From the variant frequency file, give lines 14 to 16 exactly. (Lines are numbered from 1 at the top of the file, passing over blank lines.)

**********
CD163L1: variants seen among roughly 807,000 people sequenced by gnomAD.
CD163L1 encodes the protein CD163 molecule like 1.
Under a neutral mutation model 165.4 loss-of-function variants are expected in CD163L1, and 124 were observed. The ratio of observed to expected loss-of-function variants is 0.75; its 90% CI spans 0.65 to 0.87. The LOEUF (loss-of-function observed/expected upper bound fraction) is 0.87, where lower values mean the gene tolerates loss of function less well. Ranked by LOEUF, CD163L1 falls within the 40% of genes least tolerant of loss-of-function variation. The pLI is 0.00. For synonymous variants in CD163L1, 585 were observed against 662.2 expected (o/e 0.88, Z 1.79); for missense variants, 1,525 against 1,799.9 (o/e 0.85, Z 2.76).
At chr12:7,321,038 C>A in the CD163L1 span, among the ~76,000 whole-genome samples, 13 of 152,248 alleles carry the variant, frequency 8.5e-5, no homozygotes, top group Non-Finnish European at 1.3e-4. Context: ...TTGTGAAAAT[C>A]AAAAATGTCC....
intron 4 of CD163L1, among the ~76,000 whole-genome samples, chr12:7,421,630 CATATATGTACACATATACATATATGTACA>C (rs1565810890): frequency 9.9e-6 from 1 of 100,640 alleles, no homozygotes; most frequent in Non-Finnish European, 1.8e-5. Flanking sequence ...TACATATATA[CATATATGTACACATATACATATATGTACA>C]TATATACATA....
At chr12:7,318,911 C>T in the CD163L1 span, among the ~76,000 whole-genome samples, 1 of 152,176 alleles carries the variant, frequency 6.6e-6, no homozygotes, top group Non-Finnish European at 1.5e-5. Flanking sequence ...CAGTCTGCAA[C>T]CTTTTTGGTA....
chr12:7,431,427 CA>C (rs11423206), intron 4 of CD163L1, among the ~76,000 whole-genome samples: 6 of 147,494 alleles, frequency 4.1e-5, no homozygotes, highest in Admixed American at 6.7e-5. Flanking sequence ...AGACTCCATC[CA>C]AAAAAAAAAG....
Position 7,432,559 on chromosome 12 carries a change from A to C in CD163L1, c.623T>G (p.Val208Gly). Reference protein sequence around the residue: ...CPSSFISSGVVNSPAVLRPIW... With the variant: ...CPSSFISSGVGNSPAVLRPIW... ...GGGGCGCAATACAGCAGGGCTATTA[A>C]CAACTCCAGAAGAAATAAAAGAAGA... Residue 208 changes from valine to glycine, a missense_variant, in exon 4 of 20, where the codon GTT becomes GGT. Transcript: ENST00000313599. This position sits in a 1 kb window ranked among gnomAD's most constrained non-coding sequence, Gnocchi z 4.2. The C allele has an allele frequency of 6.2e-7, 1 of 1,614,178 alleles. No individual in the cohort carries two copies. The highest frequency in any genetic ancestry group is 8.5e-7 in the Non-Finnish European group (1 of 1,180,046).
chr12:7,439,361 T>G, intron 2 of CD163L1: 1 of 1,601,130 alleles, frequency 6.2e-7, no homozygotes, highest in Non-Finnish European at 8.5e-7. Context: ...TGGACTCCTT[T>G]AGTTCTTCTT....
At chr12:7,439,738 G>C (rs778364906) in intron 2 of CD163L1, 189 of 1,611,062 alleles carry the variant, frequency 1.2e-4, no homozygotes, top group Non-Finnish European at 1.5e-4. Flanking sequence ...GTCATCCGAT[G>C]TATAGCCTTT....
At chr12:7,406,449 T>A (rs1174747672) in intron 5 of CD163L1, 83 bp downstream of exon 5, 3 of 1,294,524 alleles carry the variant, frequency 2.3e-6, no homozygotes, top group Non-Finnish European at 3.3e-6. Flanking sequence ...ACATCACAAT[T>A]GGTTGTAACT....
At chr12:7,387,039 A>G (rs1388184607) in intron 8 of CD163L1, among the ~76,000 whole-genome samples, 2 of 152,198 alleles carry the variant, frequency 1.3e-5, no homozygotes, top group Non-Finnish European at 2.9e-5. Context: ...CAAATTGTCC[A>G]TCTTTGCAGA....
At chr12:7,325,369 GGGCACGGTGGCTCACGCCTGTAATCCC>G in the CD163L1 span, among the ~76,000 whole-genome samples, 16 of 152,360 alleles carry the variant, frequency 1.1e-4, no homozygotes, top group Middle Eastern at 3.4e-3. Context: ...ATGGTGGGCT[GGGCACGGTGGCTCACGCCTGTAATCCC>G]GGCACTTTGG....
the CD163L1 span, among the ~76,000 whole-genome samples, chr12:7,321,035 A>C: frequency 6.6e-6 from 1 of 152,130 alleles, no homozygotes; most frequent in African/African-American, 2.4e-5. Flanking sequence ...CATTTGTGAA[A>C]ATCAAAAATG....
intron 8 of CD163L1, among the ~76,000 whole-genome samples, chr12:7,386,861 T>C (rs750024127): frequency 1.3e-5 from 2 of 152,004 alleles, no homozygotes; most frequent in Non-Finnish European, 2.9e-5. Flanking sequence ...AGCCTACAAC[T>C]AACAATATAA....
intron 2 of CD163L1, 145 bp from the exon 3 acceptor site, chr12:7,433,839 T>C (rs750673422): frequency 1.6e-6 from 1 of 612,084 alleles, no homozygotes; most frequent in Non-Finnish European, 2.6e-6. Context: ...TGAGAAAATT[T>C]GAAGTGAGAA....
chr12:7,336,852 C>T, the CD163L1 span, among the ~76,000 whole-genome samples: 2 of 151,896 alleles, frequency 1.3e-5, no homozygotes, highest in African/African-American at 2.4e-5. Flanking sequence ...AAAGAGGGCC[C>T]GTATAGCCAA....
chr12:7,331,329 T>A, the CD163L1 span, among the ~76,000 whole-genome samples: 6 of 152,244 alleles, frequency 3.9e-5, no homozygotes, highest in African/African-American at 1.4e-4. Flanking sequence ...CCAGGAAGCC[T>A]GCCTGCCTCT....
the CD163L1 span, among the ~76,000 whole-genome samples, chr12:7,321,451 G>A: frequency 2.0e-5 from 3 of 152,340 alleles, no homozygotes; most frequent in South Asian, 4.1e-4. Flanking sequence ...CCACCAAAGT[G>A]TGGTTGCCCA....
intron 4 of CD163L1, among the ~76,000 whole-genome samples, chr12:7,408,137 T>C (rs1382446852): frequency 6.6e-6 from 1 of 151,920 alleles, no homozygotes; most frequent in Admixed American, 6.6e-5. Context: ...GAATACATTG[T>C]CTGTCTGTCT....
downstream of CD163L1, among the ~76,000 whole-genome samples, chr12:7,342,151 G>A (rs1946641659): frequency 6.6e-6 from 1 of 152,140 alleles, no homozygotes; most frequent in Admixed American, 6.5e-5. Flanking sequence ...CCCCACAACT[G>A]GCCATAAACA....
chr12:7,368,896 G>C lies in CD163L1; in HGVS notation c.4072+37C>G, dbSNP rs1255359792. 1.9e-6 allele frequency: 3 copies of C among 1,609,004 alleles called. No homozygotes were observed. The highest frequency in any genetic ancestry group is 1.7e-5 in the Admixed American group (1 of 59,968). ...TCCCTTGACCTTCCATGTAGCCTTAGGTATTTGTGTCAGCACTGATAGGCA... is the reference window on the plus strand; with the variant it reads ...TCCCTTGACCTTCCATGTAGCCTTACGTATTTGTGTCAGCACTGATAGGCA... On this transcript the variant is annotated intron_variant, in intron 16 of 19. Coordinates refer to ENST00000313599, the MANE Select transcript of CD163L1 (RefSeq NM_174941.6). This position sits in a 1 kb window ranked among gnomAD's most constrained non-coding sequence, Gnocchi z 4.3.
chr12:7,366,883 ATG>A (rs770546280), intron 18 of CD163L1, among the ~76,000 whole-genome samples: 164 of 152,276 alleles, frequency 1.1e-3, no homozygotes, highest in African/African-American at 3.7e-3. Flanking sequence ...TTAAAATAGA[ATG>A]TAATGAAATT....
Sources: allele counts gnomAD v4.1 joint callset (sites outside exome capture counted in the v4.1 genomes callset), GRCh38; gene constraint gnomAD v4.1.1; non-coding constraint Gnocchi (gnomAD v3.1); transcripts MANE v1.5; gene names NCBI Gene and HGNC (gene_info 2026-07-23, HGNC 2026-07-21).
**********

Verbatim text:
the CD163L1 span, among the ~76,000 whole-genome samples, chr12:7,321,035 A>C: frequency 6.6e-6 from 1 of 152,130 alleles, no homozygotes; most frequent in African/African-American, 2.4e-5. Flanking sequence ...CATTTGTGAA[A>C]ATCAAAAATG....
intron 8 of CD163L1, among the ~76,000 whole-genome samples, chr12:7,386,861 T>C (rs750024127): frequency 1.3e-5 from 2 of 152,004 alleles, no homozygotes; most frequent in Non-Finnish European, 2.9e-5. Flanking sequence ...AGCCTACAAC[T>C]AACAATATAA....
intron 2 of CD163L1, 145 bp from the exon 3 acceptor site, chr12:7,433,839 T>C (rs750673422): frequency 1.6e-6 from 1 of 612,084 alleles, no homozygotes; most frequent in Non-Finnish European, 2.6e-6. Context: ...TGAGAAAATT[T>C]GAAGTGAGAA....